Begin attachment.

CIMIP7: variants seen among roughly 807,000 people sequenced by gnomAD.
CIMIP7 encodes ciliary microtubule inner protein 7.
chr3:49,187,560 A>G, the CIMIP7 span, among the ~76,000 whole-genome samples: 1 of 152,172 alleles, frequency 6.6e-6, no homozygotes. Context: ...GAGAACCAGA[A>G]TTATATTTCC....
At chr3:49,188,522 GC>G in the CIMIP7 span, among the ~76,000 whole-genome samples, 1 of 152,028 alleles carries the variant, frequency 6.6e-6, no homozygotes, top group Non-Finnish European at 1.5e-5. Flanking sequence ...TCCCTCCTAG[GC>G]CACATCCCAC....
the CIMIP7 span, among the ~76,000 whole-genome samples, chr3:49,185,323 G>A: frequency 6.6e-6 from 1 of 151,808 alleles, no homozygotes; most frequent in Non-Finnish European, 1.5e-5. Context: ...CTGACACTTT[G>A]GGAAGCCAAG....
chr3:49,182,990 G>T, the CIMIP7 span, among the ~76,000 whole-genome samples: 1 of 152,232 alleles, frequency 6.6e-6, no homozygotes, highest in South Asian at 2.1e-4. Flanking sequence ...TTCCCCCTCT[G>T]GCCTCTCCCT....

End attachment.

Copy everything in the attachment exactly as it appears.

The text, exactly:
CIMIP7: variants seen among roughly 807,000 people sequenced by gnomAD.
CIMIP7 encodes ciliary microtubule inner protein 7.
chr3:49,187,560 A>G, the CIMIP7 span, among the ~76,000 whole-genome samples: 1 of 152,172 alleles, frequency 6.6e-6, no homozygotes. Context: ...GAGAACCAGA[A>G]TTATATTTCC....
At chr3:49,188,522 GC>G in the CIMIP7 span, among the ~76,000 whole-genome samples, 1 of 152,028 alleles carries the variant, frequency 6.6e-6, no homozygotes, top group Non-Finnish European at 1.5e-5. Flanking sequence ...TCCCTCCTAG[GC>G]CACATCCCAC....
the CIMIP7 span, among the ~76,000 whole-genome samples, chr3:49,185,323 G>A: frequency 6.6e-6 from 1 of 151,808 alleles, no homozygotes; most frequent in Non-Finnish European, 1.5e-5. Context: ...CTGACACTTT[G>A]GGAAGCCAAG....
chr3:49,182,990 G>T, the CIMIP7 span, among the ~76,000 whole-genome samples: 1 of 152,232 alleles, frequency 6.6e-6, no homozygotes, highest in South Asian at 2.1e-4. Flanking sequence ...TTCCCCCTCT[G>T]GCCTCTCCCT....